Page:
Over the years I have been asked a lot of cheerleading questions. “How do I get over a mental block?” “How do I speed up my running tumbling?” I feel like I have spent a lot of time answering questions about skills, but one question I received this week was a little different. “What was it like to have your mom as your coach?”
First, here is a little background information. My mother, Donna Martin, was hired at a brand new school opening up in Lexington, KY the same year I was born. The school was named “Paul Laurence Dunbar High School” and in order to live out her dream of teaching biology to the world, she would also have to take the job as the cheerleading coach. As you can imagine, I spent most of my childhood at football games, practices and cheerleading competitions. I had no choice-Dunbar cheerleading became my life.
Before I knew it, it was now my turn to tryout for my mom’s National Championship team and everything changed. Instead of being the little rag doll for the high school girls, I was the new high school girl and all eyes were on me. Everyone knew who I was and most of the time, I wished they didn’t.
When you’re labeled “The coach’s daughter” everyone either hates you or they love you. Some people want to be your friend to “get in good with the coach” while others take joy in seeing you fail. I’m not going to lie to you, girls WILL talk about you more than normal. Some will be jealous of the attention you receive. Some will overlook that you’re talented and believe that the only reason you’re there is because of your last name. For me, it was very important to prove to everyone that I made the team based on my talent, so I harvested the anger or hurt I sometimes felt by teammates and pushed myself to keep improving.
I learned very quickly the value of silence. Instead of being a vocal leader, I focused more on keeping my mouth shut and leading by example. A lot of the time I think kids have an easier time talking back to their parents than they do to their coach, so this was what I really wanted to avoid. Don’t get me wrong, I made mistakes and my mom and I fought several times in public during my Dunbar days, but by my junior year I think we figured it out.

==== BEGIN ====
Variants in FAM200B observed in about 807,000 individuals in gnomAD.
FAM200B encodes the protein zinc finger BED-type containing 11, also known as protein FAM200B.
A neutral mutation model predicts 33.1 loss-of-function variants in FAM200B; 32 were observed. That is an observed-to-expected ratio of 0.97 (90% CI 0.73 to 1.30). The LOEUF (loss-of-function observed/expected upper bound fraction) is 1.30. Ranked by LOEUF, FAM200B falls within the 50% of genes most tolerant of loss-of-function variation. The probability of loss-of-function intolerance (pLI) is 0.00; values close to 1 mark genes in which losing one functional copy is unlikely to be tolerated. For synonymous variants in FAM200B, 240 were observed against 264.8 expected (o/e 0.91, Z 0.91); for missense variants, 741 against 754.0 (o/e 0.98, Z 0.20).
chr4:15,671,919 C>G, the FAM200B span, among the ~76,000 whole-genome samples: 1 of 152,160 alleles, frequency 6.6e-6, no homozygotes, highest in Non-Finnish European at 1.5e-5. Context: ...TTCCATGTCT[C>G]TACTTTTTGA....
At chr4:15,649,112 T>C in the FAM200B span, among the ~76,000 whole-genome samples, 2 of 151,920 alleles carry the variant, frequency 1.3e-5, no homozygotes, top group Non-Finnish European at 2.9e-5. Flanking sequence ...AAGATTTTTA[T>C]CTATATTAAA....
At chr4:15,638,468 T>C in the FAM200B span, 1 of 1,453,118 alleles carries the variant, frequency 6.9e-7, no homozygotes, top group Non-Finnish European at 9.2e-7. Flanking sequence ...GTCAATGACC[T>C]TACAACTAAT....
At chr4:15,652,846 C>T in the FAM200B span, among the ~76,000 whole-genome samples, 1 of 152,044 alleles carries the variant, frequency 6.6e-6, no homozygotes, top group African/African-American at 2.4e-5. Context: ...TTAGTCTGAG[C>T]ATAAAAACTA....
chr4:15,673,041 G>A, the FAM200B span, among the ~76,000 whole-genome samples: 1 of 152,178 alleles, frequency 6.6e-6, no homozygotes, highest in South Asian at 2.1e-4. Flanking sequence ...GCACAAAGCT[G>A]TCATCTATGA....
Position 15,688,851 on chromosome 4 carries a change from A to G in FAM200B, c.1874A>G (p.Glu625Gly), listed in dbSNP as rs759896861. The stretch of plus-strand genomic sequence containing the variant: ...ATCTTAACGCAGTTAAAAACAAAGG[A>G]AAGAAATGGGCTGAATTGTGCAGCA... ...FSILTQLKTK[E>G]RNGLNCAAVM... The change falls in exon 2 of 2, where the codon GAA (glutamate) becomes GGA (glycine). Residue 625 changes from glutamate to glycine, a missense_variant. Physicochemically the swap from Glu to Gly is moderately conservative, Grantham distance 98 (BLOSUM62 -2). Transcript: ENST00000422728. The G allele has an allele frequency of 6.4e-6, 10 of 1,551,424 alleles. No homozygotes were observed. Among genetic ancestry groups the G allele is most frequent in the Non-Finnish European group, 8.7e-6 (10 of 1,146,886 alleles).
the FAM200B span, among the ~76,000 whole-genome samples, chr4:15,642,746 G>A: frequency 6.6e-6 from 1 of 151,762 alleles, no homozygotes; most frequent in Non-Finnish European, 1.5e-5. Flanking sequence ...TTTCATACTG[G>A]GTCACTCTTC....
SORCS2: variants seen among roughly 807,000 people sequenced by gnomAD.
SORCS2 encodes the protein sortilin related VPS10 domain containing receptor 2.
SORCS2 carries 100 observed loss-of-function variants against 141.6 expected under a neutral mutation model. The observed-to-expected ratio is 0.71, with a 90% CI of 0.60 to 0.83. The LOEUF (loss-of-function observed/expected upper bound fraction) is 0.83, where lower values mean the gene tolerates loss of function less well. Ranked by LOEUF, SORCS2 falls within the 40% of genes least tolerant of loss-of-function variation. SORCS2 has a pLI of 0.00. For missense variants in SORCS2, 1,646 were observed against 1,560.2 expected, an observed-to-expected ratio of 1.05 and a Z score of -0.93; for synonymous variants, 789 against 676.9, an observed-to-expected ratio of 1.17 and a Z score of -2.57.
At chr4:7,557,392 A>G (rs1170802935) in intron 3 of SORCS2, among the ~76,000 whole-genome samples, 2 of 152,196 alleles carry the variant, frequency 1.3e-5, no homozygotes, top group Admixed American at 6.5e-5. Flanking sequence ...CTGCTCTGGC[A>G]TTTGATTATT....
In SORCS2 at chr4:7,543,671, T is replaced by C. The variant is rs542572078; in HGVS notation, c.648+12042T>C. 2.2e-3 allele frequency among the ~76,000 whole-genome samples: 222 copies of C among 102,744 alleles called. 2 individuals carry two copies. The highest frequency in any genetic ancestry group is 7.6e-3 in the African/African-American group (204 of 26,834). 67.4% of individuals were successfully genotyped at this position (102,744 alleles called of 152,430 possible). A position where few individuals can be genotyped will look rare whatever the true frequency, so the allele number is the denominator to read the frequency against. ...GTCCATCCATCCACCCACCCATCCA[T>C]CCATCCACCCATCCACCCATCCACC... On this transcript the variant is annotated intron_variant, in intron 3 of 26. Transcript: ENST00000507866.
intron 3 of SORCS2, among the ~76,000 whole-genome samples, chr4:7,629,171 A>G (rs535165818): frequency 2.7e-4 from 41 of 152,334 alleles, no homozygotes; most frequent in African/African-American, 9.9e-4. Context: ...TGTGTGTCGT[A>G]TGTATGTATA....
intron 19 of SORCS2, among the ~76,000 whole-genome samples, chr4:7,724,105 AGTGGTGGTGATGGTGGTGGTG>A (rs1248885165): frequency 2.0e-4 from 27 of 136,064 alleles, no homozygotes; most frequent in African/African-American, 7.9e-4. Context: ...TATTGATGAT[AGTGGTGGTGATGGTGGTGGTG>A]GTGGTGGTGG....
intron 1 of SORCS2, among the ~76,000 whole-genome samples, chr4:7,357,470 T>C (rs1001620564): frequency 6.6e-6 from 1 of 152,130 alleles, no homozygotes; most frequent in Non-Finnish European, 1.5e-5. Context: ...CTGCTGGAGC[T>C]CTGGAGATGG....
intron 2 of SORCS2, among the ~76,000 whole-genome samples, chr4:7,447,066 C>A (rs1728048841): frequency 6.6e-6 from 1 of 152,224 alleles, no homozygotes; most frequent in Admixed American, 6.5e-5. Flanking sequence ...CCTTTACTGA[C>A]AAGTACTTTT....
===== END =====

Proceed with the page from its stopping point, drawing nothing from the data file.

When one of us had something to express to the other, we used another coach, Saleem, as our medium. I feel bad for putting him in that situation, but it ultimately made everything better. I would definitely suggest using another coach as a “go between” if possible. Keeping my mouth shut helped the relationship with my mom and also with my teammates. By my junior year, they began to see me as a leader and I was then able to be more vocal once I gained their respect.
Besides dealing with your teammates, it’s also hard having your mom telling you what to do in one more place. She was “mom” at home, “Mrs. Martin” at school and “Coach” at practice. She was literally EVERYWHERE and at times I felt extremely suffocated. We were both at fault a lot of the time because we weren’t able to separate our different roles. Keeping my mouth shut worked most of the time, but then I just had to keep trying to see her as everyone else did. She was a very well respected, hard working COACH and I eventually decided that I could actually learn from her.
Having a parent as a coach is very difficult, but it can also be very rewarding. Now that I look back at my high school years I realize how truly LUCKY coach’s kids really are. A lot of people on my team have parents that don’t understand anything about cheerleading, and lucky for me, my mom knows it all. It’s now one more thing we have in common to talk about and it has created a very special bond between us. Also, my mom was not only able to be there and watch me be successful, she was a huge part of it and we will always have those precious memories together.
Now that I am over six hours away from home, cheerleading still remains a big part of our relationship. I don’t think we ever have a phone conversation that doesn’t bring up something that happened recently at our of our team’s practices. Cheerleading is a lot more than an after school activity for my mom and I and it always will be.
– Ryan Martin